In business schools across the globe, the pat answer to that question is: to maximize shareholder wealth. To those myriad Ph.D.s who teach this, let me state unequivocally, you are either profoundly mistaken (at best), or frauds (at worst). The folly of “maximizing shareholder wealth” being the be-all and end-all of management has been shown to be invalid, time and again. I’ve taken many a shot at it, but certainly the seminal work in highlighting this silliness belongs to Tom Peters.
To their credit the project management crowd never tried to claim the mantle of being the ultimate point of management (except, tangentially, the risk managers, who have been taken to task by me and others).
Well, then, if portfolio management needs to be defined, and it is brushing up against a clearly articulable version of the ultimate goal of management in general, what’s the ultimate goal of management in general?
Okay, everybody, clear the gunwales, and brace yourselves: Hatfield, via ProjectManagement.com, is going to articulate said definition. The ultimate goal of management is to influence behaviors and decisions in such a way as to bring about a favorable economic outcome.
Yeah, I know, this definition is very broad. However, it can be broken down into its basic components, as I described in my must-have second book. I’ll also continue to discuss it as April’s theme unfolds.
[i] Risk management. (2014, April 3). In Wikipedia, The Free Encyclopedia. Retrieved 00:56, April 6, 2014, from http://en.wikipedia.org/w/index.php?title=Risk_management&oldid=602522864
No discussion of customer relations management – this month’s ProjectManagement.com’s theme – would be complete without a review of that relations epic FAIL, the interview of Katherine Hepburn by the, ahem, journalist, Phil Donahue.
It took place in 1991, when Hepburn was 84 years old. For an hour Donahue interviewed the famed actress, who discussed her life and career. At the end, Donahue asked Hepburn to autograph a copy of her autobiography, Me, and that’s when things got, shall we say, interesting. (Full disclosure – I’m not relaying all of the interaction, just some selected quotes.)
“What’s your name?” she asked.
Donahue, clearly put off, leaned forward and answered “Geraldo Rivera.”
Hepburn started laughing, immediately recognizing that Donahue wasn’t Rivera, but Donahue wasn’t about to give her a break. After some banter, he continued:
“You don’t know, do you? I bet you don’t know.”
Hepburn continued to try to write something – anything – special in the front page of the book, but Donahue wouldn’t stop pestering her.
“So, we’re going to sit here, and you won’t be able to sign this!”
“I’m just going to sign my name” she said, with a giggle. But Donahue wouldn’t let up.
“Twenty-four years on the air, over 5,000 hours, and you don’t know who the hell I am!”
Of course, not being a fan of Phil myself, I would count that last assertion as a compliment. Donahue eventually told her his name, and how to spell it, ending the interview.
At the time, Katherine Hepburn had been nominated for no fewer than 12 Academy Awards (a record surpassed only recently by Meryl Streep), winning four of them – a record that stands to this day. The American Film Institute named her the greatest female star in Hollywood history.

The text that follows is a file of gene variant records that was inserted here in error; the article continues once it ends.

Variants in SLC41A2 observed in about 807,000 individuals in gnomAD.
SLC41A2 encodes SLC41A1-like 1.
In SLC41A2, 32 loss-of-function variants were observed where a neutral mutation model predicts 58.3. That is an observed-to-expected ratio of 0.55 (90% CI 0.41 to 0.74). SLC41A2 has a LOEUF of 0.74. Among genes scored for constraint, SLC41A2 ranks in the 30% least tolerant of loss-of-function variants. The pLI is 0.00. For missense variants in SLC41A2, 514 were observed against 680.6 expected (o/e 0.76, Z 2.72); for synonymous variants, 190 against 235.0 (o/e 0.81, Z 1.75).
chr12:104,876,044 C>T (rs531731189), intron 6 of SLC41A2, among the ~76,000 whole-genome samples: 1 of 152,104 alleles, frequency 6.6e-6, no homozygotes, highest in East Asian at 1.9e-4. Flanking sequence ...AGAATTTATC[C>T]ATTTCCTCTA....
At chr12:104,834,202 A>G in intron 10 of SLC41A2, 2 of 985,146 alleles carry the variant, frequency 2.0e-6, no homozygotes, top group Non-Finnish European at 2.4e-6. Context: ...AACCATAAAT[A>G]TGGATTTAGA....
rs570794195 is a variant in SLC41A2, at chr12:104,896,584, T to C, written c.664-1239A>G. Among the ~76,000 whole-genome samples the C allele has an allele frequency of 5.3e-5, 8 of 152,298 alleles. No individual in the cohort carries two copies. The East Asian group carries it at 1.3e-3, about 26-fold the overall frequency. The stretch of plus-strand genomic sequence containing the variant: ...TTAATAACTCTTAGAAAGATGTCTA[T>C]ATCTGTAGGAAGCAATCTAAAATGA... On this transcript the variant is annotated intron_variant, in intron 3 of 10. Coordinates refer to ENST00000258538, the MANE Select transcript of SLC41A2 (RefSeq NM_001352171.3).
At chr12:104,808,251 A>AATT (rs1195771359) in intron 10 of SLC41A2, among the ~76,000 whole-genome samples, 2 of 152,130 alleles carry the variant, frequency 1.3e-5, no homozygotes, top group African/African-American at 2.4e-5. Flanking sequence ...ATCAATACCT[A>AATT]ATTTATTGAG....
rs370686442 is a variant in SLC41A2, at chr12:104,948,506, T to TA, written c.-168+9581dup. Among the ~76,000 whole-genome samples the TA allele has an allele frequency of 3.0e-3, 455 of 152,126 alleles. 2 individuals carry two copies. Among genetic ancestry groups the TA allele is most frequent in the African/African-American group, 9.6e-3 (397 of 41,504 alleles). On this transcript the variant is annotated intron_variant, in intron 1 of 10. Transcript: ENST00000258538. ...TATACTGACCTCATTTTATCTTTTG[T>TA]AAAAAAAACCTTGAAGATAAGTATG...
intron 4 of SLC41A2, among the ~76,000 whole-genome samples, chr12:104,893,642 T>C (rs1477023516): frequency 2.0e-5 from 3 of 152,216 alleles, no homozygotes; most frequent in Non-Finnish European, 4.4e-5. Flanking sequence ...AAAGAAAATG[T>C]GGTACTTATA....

Donahue was listed #42 on TV Guide’s list of greatest television stars.
I’m thinking that any interviewer with a modicum of class (or perspective) would have given the aging icon a little room. It’s not as if leaping into a state of high dudgeon was going to suddenly re-introduce Phil’s name into her memory. Add to that the fact that Hepburn was in the process of complying with Donahue’s request to sign her book for him, and his intent becomes all the more incomprehensible. Did he want to humiliate her, on-air? If so, would that bode well for the prospects of landing future interviews with any Hollywood star over the age of 60? If his intention was to avoid having her appear aged and forgetful, why didn’t he just dispense with the dramatic re-telling of his resume, and just start spelling his name? Finally, by granting the interview in the first place, who was doing whom a favor here?
I believe Donahue’s out-sized ego interfered with his ability to properly manage the interviewer/interviewee relationship, which, I think, points to a truism that underpins all customer relations management: a little humility goes a long way.
Consider virtually any cataclysmic people-interaction/ relations failure – do they not have in common an inappropriate sense of self-worth on the part of the failing party? Napolean, Custer, the board of directors of IBM in the late 1970s – all must have felt invincible, right up to the time of their best-remembered blunders. As I discussed in my previous blogs (particularly about the Soup Nazis), if your product, project, or service is absolutely unique, AND in high demand, then and only then do you have a bit of latitude to indulge your superiority complex, and even in those circumstances the opportunity for epic failure is never really far away. You want a fast fix for your organization’s customer relations management issues? Introduce a little humility – that’ll fix most of what ails you.
And it will keep you from acting like Phil Donahue.
As many of my regular readers know, I hold much of what passes for modern risk management to be transparently fraudulent, little more than institutional worrying tripped out in Gaussian curve jargon. But it seems that whenever anybody starts writing about the management sciences, everything suddenly becomes anodyne, as if it’s in bad taste at best, rabidly antagonistic at worst, to actually challenge bad theory openly. I don’t get that (aha! sayest the risk managers… Hatfield’s too stupid to understand our concepts!).
But March’s theme is customer relations management, so I’d thought I’d combine the two subjects to analyze – well, how does the peddler of fraudulent management science manage his customers? Is it not through deceit? Certainly, but that implies that the multi-billion dollar risk management industry is built on a foundation of sand, and that at some point in the future no amount of customer relations “management” will suffice to keep the façade up and functioning.